I recently found out I am neurotic. I don’t remember the day exactly, but I imagine finding this out is similar to the day you realize colors have names. It’s not so much that you didn’t know they existed, it’s more that you never thought to differentiate them. The perceptions of others will project onto your own. I fought the idea of neurosis. I even had my friends who pointed it out to me look up the term immediately, which is perhaps a neurotic response, only to find most of the “symptoms” hit home, or at least stole third.

  So, what is this socially inept, single 32 year old wandering woman’s point? Nothing really. I think sometimes I just have to write things out to understand myself a bit better. Sometimes my life feels hard. Sometimes my life feels incomplete. Sometimes I forget to feel lucky, but I’m smart enough to try.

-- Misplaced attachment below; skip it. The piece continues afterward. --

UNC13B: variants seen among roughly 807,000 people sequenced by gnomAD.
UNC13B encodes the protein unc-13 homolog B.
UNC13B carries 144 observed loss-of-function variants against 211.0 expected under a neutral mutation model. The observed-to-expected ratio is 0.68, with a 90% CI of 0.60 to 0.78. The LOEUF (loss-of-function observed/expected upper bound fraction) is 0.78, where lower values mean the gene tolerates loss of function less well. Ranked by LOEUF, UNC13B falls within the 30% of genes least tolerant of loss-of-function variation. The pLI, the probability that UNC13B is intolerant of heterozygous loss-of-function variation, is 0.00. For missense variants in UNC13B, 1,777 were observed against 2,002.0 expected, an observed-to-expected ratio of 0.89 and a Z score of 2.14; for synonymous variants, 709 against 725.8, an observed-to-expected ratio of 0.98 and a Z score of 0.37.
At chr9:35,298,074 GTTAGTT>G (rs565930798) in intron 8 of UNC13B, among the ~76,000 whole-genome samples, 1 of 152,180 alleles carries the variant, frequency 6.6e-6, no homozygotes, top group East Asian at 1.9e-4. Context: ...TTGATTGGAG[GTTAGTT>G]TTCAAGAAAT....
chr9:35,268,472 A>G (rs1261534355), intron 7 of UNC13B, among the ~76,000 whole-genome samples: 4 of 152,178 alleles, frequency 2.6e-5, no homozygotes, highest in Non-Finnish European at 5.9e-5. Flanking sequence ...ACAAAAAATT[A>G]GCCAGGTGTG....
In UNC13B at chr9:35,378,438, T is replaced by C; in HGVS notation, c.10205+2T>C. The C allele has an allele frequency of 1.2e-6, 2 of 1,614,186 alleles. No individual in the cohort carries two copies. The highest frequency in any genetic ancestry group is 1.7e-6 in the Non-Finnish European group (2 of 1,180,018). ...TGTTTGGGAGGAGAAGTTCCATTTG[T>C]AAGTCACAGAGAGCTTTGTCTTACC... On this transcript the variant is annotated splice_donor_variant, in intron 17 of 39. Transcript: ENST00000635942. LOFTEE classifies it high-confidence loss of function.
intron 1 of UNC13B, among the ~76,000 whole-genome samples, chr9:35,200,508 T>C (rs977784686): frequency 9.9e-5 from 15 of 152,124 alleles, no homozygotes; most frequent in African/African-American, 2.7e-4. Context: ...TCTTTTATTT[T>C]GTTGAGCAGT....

Here are a couple photos, as proof that I do actually leave my house sometimes.

Clear Lake in Mount Hood National Forest

I mean really, are you surprised?